Tech Pharmacy Services, LLC v. Alixa Rx LLC et al
MEMORANDUM OPINION AND ORDER re 197 Amended SEALED MOTION for Partial Summary Judgment that the Patents in Suit are Invalid Under 35 U.S.C. § 101 filed by Golden Gate National Senior Care, Fillmore Strategic Investors, LLC, Fil lmore Strategic Management, LLC, Fillmore Capital Partners, LLC, Alixa Rx LLC. Defendants Amended Motion for Partial Summary Judgment That the Patents in Suit are Invalid Under 35 U.S.C. § 101 (Dkt. #197) is DENIED. Signed by Judge Amos L. Mazzant, III on 7/24/17. (cm, )
United States District Court
EASTERN DISTRICT OF TEXAS
TECH PHARMACY SERVICES, LLC
ALIXA RX LLC, GOLDEN GATE
NATIONAL SENIOR CARE LLC d/b/a
GOLDEN LIVINGCENTERS, FILLMORE
CAPITAL PARTNERS LLC, FILLMORE
STRATEGIC MANAGEMENT LLC, and
FILLMORE STRATEGIC INVESTORS
Civil Action No. 4:15-CV-00766
MEMORANDUM OPINION AND ORDER
Pending before the Court is Defendants’ Amended Motion for Partial Summary
Judgment That the Patents in Suit are Invalid Under 35 U.S.C. § 101 (Dkt. #197).
reviewing the relevant pleadings, the Court denies Defendants’ motion.
Tech Pharmacy Services, LLC (“Tech Pharmacy”) asserts Defendants infringed twelve
claims from five patents that share a common specification. Specifically, Tech Pharmacy asserts
Claims 7, 9, and 10 from U.S. Patent No. 7,698,019 (the “’019 Patent”); Claims 5, 7, and 8 from
U.S. Patent No. 8,209,193; Claims 1, 2, and 6 from U.S. Reissue Patent No. RE44,127; Claims 1
and 4 from U.S. Patent No. 8,612,256; and Claim 1 from U.S. Patent No. 8,954,338 (collectively,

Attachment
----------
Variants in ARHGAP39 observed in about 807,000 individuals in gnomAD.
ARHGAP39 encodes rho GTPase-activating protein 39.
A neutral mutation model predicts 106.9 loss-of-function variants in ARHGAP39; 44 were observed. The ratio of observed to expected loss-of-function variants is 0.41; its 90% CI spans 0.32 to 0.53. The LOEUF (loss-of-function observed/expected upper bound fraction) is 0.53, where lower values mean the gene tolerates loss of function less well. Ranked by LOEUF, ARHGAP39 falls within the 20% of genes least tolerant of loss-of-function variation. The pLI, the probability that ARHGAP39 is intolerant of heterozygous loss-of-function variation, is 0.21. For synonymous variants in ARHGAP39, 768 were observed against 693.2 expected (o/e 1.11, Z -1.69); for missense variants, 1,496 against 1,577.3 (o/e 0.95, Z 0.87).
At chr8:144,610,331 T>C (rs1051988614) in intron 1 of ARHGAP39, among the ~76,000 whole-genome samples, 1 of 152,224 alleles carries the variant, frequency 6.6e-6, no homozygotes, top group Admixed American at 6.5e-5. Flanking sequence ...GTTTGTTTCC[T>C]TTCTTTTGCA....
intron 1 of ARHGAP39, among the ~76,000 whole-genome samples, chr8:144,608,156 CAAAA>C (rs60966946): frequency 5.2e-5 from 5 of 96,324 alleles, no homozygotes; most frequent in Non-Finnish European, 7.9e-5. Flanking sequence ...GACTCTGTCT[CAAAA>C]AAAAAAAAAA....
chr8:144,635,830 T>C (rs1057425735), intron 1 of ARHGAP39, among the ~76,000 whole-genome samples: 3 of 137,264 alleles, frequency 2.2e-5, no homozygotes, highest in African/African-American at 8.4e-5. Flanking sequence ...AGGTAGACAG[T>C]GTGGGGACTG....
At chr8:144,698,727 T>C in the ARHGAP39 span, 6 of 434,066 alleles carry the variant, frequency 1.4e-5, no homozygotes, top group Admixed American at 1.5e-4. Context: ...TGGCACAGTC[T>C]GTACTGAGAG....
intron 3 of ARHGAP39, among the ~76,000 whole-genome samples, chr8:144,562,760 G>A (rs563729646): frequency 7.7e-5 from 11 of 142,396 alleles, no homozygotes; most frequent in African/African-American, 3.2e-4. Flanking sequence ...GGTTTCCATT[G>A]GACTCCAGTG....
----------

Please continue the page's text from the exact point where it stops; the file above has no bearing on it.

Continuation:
The patents-in-suit articulate a system and method for enhanced
distribution of pharmaceuticals in long-term care facilities.
On March 20, 2017, Defendants filed the present motion for summary judgment (Dkt.
#197). On April 3, 2017, Tech Pharmacy filed a response (Dkt. #225). On April 7, 2017,
Defendants filed a reply (Dkt. #235). On April 12, 2017, Tech Pharmacy filed a sur-reply (Dkt.
The purpose of summary judgment is to isolate and dispose of factually unsupported
claims or defenses. Celotex Corp. v. Catrett, 477 U.S. 317, 323–24 (1986). Summary judgment
is proper under Rule 56(a) of the Federal Rules of Civil Procedure “if the movant shows that
there is no genuine dispute as to any material fact and the movant is entitled to judgment as a
matter of law.” Fed. R. Civ. P. 56(a). A dispute about a material fact is genuine when “the
evidence is such that a reasonable jury could return a verdict for the nonmoving party.”
Anderson v. Liberty Lobby Inc., 477 U.S. 242, 248 (1986). Substantive law identifies which